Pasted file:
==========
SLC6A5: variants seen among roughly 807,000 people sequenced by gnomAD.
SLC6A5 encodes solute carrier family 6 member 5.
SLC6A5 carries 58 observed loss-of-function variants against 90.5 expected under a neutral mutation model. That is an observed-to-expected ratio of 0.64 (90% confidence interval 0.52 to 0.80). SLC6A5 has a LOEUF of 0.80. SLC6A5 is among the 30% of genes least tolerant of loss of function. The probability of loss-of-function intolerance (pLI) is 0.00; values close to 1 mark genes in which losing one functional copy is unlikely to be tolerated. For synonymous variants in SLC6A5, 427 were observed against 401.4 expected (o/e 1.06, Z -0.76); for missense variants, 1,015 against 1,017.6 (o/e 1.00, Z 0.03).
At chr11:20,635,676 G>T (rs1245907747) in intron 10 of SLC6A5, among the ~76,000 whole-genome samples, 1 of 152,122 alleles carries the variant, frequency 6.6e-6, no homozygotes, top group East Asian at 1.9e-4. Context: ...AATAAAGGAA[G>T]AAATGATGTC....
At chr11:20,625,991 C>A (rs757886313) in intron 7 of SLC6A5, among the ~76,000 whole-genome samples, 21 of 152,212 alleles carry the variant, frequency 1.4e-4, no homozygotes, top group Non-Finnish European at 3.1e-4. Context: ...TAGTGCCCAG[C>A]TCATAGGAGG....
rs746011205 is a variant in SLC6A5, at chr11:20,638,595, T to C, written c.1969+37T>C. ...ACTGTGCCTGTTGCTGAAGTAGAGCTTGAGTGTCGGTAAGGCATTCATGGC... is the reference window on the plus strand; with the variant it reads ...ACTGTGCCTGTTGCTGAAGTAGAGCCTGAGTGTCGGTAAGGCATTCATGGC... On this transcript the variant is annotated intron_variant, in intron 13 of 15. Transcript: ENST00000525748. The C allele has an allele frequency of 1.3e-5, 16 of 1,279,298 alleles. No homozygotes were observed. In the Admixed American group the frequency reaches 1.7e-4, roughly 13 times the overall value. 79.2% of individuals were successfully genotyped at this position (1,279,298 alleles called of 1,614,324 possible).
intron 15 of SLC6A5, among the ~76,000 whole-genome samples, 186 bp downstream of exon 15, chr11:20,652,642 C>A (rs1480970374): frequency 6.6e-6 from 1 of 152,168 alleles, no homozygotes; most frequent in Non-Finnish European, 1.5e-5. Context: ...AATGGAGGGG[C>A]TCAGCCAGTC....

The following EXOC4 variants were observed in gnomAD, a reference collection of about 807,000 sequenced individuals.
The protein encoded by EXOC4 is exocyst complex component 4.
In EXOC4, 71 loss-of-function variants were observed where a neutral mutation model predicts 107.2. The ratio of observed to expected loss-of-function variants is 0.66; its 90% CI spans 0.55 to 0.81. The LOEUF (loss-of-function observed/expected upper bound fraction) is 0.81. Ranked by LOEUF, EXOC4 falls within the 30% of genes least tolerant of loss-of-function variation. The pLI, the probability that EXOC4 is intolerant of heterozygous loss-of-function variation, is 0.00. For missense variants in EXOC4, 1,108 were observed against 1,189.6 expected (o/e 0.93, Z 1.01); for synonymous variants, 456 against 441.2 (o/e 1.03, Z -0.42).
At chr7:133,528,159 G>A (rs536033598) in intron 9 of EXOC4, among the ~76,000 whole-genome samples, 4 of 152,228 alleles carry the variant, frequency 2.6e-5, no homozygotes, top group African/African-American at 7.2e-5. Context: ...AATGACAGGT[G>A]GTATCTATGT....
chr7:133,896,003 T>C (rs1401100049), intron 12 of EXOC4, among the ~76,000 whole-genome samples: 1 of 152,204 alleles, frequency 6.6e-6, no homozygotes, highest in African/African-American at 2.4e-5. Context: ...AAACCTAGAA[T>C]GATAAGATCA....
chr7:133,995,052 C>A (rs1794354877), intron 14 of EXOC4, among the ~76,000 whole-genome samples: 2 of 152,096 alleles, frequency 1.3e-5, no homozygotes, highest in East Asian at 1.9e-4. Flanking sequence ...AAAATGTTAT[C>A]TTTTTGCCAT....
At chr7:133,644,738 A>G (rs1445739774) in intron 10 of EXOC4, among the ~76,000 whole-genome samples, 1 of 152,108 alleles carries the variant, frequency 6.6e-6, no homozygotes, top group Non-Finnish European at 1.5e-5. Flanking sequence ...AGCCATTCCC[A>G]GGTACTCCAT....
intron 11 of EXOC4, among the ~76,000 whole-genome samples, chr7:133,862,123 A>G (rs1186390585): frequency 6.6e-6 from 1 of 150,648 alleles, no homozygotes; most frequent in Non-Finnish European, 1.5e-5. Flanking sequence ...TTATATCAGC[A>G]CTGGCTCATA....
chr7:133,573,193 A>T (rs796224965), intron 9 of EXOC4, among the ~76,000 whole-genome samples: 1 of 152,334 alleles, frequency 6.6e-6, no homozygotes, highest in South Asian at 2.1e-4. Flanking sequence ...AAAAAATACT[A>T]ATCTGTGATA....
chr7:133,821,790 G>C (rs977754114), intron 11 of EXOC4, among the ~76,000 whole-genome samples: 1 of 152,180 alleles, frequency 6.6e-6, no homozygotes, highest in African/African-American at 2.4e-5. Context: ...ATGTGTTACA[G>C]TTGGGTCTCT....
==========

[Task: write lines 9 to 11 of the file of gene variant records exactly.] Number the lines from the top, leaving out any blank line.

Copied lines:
The protein encoded by EXOC4 is exocyst complex component 4.
In EXOC4, 71 loss-of-function variants were observed where a neutral mutation model predicts 107.2. The ratio of observed to expected loss-of-function variants is 0.66; its 90% CI spans 0.55 to 0.81. The LOEUF (loss-of-function observed/expected upper bound fraction) is 0.81. Ranked by LOEUF, EXOC4 falls within the 30% of genes least tolerant of loss-of-function variation. The pLI, the probability that EXOC4 is intolerant of heterozygous loss-of-function variation, is 0.00. For missense variants in EXOC4, 1,108 were observed against 1,189.6 expected (o/e 0.93, Z 1.01); for synonymous variants, 456 against 441.2 (o/e 1.03, Z -0.42).
At chr7:133,528,159 G>A (rs536033598) in intron 9 of EXOC4, among the ~76,000 whole-genome samples, 4 of 152,228 alleles carry the variant, frequency 2.6e-5, no homozygotes, top group African/African-American at 7.2e-5. Context: ...AATGACAGGT[G>A]GTATCTATGT....